Homework Help: Finding potential of conducting sphere

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1. Nov 26, 2015

Titan97

1. The problem statement, all variables and given/known data
Find the potential at the centre and at P of a hollow uncharged conducting spherical shell if a charge q is placed at a distance of 2r from centre of shell.

2. Relevant equations
All the charge induced on the sphere has to reside on the sphere's outer surface.

Mirror charge is given by $\frac{-qR}{a}$
At a distance $\frac{R^2}{a}$ from centre.
(R is radius and 'a' is distance of charge from centre)

3. The attempt at a solution
Using method of images, mirror charge is -q/2 and its distance from C is r/2
Potential at centre is then $$\frac{-k\frac{q}{2}}{2.(r/2)}+\frac{kq}{2r}=0$$
Answer given is $\frac{kq}{r}$

Similarly at Point P, I got $0$ as the potential. But answer given is $\frac{-kq}{6r}$ at P.

Last edited: Nov 26, 2015
2. Nov 26, 2015

TSny

Note that the problem does not state that the spherical conductor is grounded.

Is point P on the surface of the conductor?

The given answers do not appear to be correct to me.

Putting an image charge inside the sphere is useful for finding the potential outside the sphere. What can you say about the potential everywhere inside the sphere?

3. Nov 26, 2015

Titan97

P is a point on the surface of the sphere.
Actually, the problem specifies "charged conducting spherical shell". But charge of the shell is not given. So I thought it was a printing mistake. Is there any difference?

Potential at every point inside the shell is constant.

I would like to add this point. Let's say the induced charge density on the outer surface of the shell is σ (a function in terms of the point on the sphere).

Then, potential is centre $$V_C=\frac{kq}{r}+\frac{k\int\sigma da}{r}$$
Since total charge on sphere is zero,
$$V_C=\frac{kq}{r}$$

Last edited: Nov 26, 2015
4. Nov 26, 2015

TSny

Would you please state the problem word for word as it was given to you.

I agree that the potential is constant throughout the hollow region inside the shell. So, I don't see how the potential at C can be different than at P.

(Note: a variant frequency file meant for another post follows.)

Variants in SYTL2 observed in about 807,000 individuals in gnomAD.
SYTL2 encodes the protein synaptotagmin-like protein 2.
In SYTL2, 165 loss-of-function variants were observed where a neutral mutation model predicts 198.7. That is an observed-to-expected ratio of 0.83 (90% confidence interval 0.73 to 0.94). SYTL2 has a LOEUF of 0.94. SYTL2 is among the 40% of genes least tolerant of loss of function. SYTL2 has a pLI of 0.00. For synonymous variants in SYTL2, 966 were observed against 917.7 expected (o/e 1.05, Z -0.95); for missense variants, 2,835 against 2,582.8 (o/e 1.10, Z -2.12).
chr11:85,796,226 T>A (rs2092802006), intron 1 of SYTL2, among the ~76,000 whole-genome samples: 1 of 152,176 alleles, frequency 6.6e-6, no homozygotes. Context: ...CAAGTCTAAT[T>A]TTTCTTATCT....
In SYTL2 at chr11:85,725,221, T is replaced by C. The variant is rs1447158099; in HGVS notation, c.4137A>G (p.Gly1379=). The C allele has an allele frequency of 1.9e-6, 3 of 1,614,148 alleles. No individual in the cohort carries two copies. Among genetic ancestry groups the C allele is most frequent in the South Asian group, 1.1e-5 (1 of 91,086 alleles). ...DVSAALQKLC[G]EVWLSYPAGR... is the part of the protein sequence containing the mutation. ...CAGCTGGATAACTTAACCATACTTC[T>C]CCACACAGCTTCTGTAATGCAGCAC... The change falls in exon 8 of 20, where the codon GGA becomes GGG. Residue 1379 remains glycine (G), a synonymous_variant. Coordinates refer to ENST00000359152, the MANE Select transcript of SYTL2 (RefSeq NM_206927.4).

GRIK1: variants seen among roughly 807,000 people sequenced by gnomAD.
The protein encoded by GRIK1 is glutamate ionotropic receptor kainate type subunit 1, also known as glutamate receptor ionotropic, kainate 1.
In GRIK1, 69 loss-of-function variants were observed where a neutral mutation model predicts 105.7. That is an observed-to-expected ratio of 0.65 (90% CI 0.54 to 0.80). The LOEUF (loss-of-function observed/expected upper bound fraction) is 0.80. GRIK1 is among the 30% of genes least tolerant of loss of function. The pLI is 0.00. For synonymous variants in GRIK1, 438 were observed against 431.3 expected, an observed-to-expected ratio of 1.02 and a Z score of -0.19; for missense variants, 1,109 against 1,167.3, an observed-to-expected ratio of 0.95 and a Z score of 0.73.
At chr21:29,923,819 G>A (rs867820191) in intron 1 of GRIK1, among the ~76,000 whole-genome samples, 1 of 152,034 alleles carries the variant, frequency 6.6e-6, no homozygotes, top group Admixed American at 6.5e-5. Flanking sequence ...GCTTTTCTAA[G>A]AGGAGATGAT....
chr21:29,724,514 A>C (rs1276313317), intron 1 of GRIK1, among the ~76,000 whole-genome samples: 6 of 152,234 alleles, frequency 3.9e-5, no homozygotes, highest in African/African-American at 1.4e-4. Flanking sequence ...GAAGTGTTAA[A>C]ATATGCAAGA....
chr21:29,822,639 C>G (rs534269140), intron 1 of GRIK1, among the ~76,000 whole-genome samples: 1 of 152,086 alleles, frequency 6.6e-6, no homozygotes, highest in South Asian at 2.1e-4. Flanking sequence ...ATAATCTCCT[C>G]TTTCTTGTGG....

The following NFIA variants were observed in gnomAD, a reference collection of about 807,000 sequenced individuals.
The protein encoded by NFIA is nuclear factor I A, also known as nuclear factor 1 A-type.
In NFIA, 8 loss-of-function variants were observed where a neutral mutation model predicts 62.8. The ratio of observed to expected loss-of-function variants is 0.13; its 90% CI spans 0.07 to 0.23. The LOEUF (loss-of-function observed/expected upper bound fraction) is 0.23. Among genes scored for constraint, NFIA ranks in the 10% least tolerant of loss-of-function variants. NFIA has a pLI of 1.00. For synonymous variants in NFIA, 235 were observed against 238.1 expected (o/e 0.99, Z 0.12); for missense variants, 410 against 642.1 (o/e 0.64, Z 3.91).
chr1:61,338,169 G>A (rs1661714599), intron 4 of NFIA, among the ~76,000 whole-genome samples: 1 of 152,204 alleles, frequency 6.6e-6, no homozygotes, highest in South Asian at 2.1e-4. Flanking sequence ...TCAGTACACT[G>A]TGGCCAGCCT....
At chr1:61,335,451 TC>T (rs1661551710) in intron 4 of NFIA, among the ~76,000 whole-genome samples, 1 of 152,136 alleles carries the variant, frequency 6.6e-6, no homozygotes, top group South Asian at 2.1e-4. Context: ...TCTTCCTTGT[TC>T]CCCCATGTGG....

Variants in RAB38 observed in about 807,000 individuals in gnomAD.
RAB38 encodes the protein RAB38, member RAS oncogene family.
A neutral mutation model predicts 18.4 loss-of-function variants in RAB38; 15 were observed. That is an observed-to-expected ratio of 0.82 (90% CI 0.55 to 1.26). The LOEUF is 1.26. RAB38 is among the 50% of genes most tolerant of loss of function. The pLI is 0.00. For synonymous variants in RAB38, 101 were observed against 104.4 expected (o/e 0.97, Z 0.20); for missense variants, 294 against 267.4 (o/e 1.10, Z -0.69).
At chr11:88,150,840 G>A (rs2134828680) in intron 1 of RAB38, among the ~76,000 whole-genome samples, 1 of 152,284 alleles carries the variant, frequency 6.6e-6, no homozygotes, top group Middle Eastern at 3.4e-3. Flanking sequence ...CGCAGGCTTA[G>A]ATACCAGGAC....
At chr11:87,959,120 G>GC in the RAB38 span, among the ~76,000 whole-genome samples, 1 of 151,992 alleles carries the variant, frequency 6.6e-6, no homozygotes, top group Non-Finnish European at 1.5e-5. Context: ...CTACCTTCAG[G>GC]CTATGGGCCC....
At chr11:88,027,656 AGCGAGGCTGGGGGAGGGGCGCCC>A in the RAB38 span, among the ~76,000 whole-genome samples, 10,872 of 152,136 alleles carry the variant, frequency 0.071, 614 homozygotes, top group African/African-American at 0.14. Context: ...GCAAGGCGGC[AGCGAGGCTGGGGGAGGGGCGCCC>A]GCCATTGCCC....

5. Nov 26, 2015

SammyS

Staff Emeritus
The solution to this problem can be done with superposition together with the method of images.

The image charge together with the charge, q, produce an equipotential surface with potential of zero co-incident with the surface of the sphere.

However, that's the solution if the sphere has a charge of -qr/(2r) = -q/2 .

Superimpose upon this, the solution for an isolated conducting sphere with the opposite charge (+q/2). That is, replace the sphere with a charge of q/2 at the sphere's center.

I.e., combine the image charge and this charge at the center.

6. Nov 26, 2015

Titan97

7. Nov 26, 2015

TSny

I'm not sure of the interpretation of the problem.You might be right that the problem meant to state that the sphere is uncharged rather than charged.

Also, it could be that the problem wants you to find the contribution to the potential at P due to just the induced charges on the sphere. When I work the problem with this interpretation, I get kq/(6r) which differs in sign from the given answer. So, I'm not sure what's going on.

I don't see where the problem asks for the potential at the center.

8. Nov 26, 2015

Titan97

I added that part. The minus was a typo. Did you solve using method of images?

9. Nov 26, 2015

SammyS

Staff Emeritus
The potential at the center is the same at the potential at P, as is the potential anywhere on the surface or in the interior.

The answer key is almost correct.

10. Nov 26, 2015

TSny

Yes, I used the method of images. (See SammyS post #5 for more details.)

11. Nov 26, 2015

Titan97

Why?

12. Nov 26, 2015

SammyS

Staff Emeritus
As I understand the problem, the net charge on the sphere is zero.

13. Nov 26, 2015

Titan97

In which case does the sphere get -q/2 charge? Is it when the sphere is grounded? But in that case as well, initial charge on he sphere is zero.

14. Nov 26, 2015

SammyS

Staff Emeritus
For there to be an equipotential surface at the location of the surface of the sphere, you replace the sphere with the image charge ( -q/2 ). That as it turns out gives a potential of zero for the sphere. However, Mr. Gauss tells us that this solution is equivalent to the sphere having a net charge of -q/2 .

So we need another charge. One with charge of +q/2. Where can we place it?

15. Nov 26, 2015

Titan97

16. Nov 26, 2015

SammyS

Staff Emeritus
17. Nov 26, 2015

Titan97

It will only be due to the charge inside the sphere.

18. Nov 26, 2015

SammyS

Staff Emeritus
The sphere is neutral. There is no charge inside the sphere. Therefore the flux is ____ .

19. Nov 26, 2015

Titan97

Zero.

20. Nov 26, 2015

SammyS

Staff Emeritus
Right.

Replacing the sphere with individual charges must give the same result (at locations external to the sphere) as the sphere gives.